Reflections on the opening ceremony of Leeuwarden 2018, European Capital of Culture
Constantinos Lapadakis | 1 Apr 2018
The night of the 27th of January I found myself among thousands of people, despite the strong wind, rain and cold, walking in the streets of Leeuwarden towards one of its main squares. The reason for the gathering of so many visitors from every part of the Netherlands, as well as many other European countries, in the provincial capital of Friesland, was none other than the opening ceremony celebrating the initiation of cultural activities in the city that had been selected, along Valetta (Malta), to be the European Capital of Culture for 2018.
The European Capital of Culture (ECoC) initiative, called European City of Culture until 1999, was proposed by French and Greek ministers of culture Jack Lang and Melina Merkouri, and was implemented for the first time in 1985. The value of the idea lies on the fact that culture should play a key role in European integration, no less important than politics and economy. The aforementioned concept was designed in order to demonstrate the richness, uniqueness and diversity of cultures in Europe, while presenting at the same time certain values and cultural features European citizens share, forming thus among them a sense of belonging to a common cultural area. Meanwhile, the cities that would be granted the title would have the chance to invest on cultural policy in the long term, recreating their image in a more lively and artistic way both for their own inhabitants and visitors, attracting the international attention and boosting their tourism. After four decades of successful implementation, nowadays the ECoC title is given every year to two cities, which in turn for a period of 12 months focus on organizing a series of cultural activities.
For Leeuwarden, a quiet city that stands out culturally for being the capital of a province with a particular identity based on its unique language, Frisian, becoming visible among the cultural metropolises of Europe was a great challenge. After months of preparations being visible in every corner of the city center, on the night of the opening ceremony every spectator was full of expectations. Undoubtedly, the show (simultaneously performed in three separate squares) was not of lesser quality. The creators, taking advantage of the city’s center structure, placed on the top of surrounding buildings bands and orchestras that created quite an atmosphere with their music, while innovative light projection art and theatrical choreographies performed by children were taking place. A few technical difficulties that showed up during the ceremony did not affect the general mood, although they did stir up some criticism in the media the days that followed. After the official song of the project, Seis oere thús (Home at six o’clock), was presented and King Willem-Alexander and Queen Maxima of the Netherlands made an appearance, the ceremony came to an end.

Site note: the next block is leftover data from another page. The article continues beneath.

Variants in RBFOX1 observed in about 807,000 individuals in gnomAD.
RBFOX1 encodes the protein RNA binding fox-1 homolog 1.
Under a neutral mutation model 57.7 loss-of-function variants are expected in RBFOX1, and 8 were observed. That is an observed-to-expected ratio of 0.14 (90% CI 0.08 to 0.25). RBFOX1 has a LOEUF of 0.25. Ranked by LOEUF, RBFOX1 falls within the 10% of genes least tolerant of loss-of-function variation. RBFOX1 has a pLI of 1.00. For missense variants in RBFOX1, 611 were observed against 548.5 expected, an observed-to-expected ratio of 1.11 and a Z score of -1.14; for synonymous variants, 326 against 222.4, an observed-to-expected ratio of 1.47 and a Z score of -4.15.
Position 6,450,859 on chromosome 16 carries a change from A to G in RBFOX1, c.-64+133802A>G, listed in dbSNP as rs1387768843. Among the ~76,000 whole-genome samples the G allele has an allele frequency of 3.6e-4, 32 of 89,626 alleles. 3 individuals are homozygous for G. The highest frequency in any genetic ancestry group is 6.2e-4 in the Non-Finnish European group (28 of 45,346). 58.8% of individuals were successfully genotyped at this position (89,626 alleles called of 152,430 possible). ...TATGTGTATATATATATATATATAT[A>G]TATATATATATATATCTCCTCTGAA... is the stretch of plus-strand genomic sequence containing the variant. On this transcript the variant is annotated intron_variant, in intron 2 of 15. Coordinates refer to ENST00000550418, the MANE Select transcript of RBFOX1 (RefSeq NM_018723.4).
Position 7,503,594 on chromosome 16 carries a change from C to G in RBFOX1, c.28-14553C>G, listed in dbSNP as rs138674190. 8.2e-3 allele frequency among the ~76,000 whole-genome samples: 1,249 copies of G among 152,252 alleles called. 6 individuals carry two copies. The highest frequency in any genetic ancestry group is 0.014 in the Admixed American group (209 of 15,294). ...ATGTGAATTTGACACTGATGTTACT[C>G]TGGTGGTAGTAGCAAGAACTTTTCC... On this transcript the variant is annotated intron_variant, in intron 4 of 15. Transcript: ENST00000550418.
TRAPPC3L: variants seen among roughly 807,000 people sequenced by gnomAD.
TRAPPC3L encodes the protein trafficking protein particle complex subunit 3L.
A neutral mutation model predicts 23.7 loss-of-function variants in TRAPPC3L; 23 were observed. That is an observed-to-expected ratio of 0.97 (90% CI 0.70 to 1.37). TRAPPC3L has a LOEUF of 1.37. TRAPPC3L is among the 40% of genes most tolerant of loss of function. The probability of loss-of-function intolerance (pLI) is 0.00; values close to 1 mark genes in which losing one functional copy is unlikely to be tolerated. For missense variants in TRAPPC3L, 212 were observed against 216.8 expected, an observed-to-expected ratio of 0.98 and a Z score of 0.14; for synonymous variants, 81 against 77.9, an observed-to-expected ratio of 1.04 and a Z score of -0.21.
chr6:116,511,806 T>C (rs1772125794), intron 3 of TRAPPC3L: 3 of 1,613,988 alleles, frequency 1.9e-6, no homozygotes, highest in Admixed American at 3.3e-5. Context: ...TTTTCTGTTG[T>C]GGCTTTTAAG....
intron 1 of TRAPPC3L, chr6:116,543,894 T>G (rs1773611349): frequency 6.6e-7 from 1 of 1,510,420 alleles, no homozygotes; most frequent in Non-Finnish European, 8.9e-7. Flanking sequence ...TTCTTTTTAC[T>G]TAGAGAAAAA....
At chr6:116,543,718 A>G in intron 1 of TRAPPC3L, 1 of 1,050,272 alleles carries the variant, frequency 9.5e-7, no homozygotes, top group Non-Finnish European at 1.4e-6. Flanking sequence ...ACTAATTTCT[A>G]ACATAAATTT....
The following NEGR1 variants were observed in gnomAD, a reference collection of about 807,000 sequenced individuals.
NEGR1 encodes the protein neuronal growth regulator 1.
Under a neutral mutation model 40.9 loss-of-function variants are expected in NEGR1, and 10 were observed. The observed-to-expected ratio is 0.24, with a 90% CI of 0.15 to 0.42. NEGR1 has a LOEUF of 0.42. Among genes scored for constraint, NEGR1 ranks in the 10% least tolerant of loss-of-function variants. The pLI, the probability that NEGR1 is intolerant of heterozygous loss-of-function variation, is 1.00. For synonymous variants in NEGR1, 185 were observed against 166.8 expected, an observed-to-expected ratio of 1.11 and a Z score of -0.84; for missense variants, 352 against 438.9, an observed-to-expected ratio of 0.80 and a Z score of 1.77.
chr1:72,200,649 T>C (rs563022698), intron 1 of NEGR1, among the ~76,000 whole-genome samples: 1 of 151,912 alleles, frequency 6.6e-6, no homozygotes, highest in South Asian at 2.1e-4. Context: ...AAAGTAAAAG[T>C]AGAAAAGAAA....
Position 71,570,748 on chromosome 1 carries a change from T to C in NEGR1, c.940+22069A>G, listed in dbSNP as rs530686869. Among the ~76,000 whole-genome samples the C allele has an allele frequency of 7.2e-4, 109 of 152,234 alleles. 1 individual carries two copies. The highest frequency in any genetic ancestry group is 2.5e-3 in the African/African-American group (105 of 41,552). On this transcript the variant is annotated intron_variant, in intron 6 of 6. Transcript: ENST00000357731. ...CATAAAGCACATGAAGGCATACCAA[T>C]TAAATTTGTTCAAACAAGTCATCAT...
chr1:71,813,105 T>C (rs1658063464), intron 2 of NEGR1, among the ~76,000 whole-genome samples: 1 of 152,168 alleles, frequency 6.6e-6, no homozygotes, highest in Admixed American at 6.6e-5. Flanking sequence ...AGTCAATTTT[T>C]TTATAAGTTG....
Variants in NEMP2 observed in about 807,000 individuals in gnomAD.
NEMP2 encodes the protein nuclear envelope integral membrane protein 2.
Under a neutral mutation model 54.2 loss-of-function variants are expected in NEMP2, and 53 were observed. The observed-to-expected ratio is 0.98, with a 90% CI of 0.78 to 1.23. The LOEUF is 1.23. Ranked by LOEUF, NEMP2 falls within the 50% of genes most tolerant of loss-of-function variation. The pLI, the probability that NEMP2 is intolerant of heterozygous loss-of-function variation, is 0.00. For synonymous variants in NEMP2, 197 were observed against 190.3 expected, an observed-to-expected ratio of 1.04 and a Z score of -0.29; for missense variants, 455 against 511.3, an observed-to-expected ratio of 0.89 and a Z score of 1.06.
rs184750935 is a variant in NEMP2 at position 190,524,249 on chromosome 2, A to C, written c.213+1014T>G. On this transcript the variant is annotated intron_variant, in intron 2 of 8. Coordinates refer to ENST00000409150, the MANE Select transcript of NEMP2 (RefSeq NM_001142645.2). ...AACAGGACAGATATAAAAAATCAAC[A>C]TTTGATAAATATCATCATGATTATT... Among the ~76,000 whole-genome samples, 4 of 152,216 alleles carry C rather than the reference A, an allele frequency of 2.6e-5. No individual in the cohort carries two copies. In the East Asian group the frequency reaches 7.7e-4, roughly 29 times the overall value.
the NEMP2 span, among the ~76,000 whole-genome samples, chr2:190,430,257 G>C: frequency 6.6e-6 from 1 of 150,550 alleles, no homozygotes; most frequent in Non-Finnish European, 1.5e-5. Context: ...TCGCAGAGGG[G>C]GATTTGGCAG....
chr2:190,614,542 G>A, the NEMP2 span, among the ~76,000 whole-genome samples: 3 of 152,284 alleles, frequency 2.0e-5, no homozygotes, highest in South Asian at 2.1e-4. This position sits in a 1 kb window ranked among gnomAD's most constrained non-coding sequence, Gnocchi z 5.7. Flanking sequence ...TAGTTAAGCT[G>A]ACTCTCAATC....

As an individual, attending for the first time an ECoC event, the ceremony left me somewhat puzzled. Not regarding the spectacle, for what was presented was quite entertaining, but more in matters of whether a true representation of those unique cultural features one could find only in that specific area of Europe were part of it, cultural features that would justify the choice of the city. Actually, apart from a few references to Frisian culture (like the entrance of the main singer on a black horse or a short version of the traditional anthem played between other songs), the exact same show could have been staged in another city of Europe, with the exact same success. Sharing my point of view with a group of locals I soon found out that I was not the only one having this confusing impression. Some of the people, including me, believed that the show, although it incorporated important messages based on widely shared European values such as equality, respect in pluralism, friendship and acceptance (covering thus its European dimension), somehow lacked character as it failed, to a certain degree, in representing culturally the actual city it was set in. Of course anyone could point out that something like that to happen in just one night would be impossible, and he/she would be right. What could be discussed, however, is where the emphasis in the organization of such an event should be laid on.
As has been stated many times by the organizers, Leeuwarden 2018 is all about the future, a positive redefinition of its cultural life; and it should be. But this future does not necessarily mean breaking ties with the past. In a fast paced environment of constant changes, like today’s modern societies, one could find meaning in his/her cultural heritage. Unique regional identities, expressed in the context of their tradition, could have an impact of great value in this charming “mosaic” of different cultures that is Europe. Unfortunately, nowadays progress in the cultural field is often being mistaken for a change towards the standards set by a modern mass pop culture that could be easily understood by everyone. But what would be more valuable for a European Capital of Culture than to communicate its own distinctiveness; a distinctiveness reflecting its community and traditions and not an abstract pluralism dictated by political correctness. After all, that was what Melina Merkouri had in mind when she said back in 1985 that “the idea is to know each other better, to talk about culture and exchange. We have a cultural past and a cultural future”. And one can be sure that Leeuwarden, with its unique cultural traits, has the potential to contribute to this future.